Tedward got a mass notice to join in the first draft revision of the rules. This meeting was well organized and allowed for remote attendance. To avoid a lot of dry meeting notes, the Tech committee decided to add an entire chapter in the 160 codes, specifically for fire performers.

This is where the membership will come in. We’d like to hear you opinion on our next step. We have basically 3 choices:
1) Get out of it. Back out and don’t help with the chapter. This will mean we’d have to leave things up to TC members that admittedly don’t know much about the fire arts. While this might keep things from getting “over regulated”, it may also allow them to impose a lot of unnecessary rules. For the record the council has voted against this.
2) Insert a link. We can keep the Nafaa 3 codes as they are and just have them insert a link to the latest set of our codes. This gives us great speed to change them when new topics, tools and trades pop up. It could also, however, lead to them ignoring the link and going back to #1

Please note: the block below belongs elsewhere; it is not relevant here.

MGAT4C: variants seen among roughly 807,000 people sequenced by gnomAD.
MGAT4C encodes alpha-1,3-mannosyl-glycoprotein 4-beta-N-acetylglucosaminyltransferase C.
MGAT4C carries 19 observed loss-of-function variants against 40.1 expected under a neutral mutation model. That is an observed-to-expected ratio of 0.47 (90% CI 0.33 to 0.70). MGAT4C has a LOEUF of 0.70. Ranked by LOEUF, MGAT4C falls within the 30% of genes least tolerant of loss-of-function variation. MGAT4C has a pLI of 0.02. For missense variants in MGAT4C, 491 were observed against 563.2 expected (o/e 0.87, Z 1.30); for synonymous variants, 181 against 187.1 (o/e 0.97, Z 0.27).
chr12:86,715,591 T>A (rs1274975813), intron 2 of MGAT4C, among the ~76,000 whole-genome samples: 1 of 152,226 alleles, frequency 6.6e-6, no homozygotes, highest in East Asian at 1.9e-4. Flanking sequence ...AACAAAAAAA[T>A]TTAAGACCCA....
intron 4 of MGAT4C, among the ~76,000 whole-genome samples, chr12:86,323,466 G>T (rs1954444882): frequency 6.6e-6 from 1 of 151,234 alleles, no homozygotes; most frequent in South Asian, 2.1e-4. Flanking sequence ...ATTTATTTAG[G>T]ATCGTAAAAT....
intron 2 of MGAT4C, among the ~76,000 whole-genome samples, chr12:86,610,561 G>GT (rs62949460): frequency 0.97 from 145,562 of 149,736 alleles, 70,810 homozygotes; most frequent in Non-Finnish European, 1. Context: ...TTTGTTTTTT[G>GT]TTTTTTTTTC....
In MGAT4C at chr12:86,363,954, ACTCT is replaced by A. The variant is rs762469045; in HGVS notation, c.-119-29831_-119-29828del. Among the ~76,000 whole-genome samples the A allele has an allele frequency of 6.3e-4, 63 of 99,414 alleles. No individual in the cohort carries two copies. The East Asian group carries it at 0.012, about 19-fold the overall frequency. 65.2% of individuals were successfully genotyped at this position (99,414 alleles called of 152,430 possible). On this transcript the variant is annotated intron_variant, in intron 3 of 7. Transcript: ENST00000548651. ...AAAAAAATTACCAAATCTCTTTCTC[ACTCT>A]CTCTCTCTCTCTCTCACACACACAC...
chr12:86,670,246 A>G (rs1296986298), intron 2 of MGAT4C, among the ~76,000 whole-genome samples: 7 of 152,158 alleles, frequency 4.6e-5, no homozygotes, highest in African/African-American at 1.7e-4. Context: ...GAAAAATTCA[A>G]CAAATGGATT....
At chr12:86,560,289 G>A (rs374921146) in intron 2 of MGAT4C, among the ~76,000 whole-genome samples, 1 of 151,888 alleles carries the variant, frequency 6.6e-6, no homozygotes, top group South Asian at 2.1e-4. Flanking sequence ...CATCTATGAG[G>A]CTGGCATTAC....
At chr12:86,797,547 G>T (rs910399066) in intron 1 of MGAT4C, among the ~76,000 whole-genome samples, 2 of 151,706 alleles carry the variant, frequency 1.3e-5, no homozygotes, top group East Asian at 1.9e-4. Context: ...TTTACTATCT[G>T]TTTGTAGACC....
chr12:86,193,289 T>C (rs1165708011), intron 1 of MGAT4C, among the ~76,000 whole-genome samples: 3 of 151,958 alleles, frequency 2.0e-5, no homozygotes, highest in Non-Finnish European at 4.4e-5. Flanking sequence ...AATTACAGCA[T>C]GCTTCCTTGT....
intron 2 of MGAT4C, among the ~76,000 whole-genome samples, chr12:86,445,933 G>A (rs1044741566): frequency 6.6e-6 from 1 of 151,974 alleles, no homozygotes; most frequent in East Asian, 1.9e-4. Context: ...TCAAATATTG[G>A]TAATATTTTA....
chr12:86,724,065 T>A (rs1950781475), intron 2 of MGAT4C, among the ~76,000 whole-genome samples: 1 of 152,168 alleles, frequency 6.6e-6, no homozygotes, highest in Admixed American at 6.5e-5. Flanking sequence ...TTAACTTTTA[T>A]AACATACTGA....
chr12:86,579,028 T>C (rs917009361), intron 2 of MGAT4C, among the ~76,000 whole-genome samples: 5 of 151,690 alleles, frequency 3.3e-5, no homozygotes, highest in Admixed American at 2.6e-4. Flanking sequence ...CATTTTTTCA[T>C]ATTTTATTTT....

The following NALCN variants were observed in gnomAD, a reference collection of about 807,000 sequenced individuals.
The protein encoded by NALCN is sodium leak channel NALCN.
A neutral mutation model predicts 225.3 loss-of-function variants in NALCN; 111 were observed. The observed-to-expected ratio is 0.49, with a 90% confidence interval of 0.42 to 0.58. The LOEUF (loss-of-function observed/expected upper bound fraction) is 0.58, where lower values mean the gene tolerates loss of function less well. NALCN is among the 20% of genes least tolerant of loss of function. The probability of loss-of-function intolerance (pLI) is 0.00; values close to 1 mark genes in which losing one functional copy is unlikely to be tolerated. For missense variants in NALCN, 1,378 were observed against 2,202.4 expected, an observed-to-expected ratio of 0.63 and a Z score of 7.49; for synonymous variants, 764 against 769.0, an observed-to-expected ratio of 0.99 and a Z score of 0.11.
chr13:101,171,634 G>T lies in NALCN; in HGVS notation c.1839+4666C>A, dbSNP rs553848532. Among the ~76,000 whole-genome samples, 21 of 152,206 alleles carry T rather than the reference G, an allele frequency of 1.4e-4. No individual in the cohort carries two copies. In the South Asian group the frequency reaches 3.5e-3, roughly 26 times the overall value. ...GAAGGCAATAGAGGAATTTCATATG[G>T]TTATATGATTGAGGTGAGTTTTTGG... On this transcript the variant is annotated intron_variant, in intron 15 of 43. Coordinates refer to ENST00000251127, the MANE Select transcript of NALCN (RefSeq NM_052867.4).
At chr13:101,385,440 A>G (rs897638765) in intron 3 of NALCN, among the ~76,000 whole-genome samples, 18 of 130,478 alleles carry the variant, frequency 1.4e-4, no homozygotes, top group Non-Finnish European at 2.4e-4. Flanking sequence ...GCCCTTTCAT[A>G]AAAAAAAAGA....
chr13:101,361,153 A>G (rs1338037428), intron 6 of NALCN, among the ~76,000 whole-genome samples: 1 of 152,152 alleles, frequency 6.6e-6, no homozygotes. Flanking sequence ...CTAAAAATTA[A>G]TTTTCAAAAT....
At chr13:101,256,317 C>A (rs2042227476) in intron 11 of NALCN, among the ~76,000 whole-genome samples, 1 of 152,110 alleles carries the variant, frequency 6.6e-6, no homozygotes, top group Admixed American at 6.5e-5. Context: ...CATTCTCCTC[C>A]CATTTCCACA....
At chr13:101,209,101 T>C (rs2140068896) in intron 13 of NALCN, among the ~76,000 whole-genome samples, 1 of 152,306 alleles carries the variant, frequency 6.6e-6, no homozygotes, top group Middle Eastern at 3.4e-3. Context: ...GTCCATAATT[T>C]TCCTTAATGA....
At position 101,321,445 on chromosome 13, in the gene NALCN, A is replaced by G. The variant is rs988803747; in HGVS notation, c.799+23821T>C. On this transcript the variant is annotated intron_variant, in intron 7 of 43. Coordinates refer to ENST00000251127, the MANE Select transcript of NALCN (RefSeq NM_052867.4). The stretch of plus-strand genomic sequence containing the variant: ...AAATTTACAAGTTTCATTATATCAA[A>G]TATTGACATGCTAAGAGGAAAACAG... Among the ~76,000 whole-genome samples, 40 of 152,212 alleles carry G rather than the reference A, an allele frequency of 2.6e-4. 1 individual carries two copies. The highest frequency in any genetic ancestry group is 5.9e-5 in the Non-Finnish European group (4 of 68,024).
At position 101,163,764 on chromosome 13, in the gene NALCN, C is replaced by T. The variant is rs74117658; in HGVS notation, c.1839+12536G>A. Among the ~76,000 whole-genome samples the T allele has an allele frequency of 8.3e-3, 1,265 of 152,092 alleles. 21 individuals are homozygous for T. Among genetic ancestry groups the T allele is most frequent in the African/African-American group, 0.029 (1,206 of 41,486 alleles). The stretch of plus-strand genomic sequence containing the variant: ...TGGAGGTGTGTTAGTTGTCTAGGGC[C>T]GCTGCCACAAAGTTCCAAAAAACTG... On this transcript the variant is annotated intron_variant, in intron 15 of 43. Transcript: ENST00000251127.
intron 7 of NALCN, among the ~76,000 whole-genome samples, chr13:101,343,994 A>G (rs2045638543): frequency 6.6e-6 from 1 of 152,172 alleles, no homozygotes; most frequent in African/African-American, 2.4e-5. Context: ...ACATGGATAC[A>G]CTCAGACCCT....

3) Finally, embedding the codes, wholecloth, into the 160s. This would mean, at the very least, renumbering and rewording to meet the NFPA style guidelines. It puts our long fought codes into the hands of the NFPA, and any changes we want to make to them would have to be on their 4 year schedule. However, there would be no question about fire performance being separate from propane devices and no question about the authority of the regs.

We have done the required changes to the regs to submit them for draft approval.  These include a complet renumbering and some minor grammatical changes.  Sections that conflict with standing NFPA code have been removed and annotated for the standing code.  At the second draft meeting in Feb 2019, there may be changes to them for implementation to the final draft.  We will be sending these changes to the membership for comment and voting.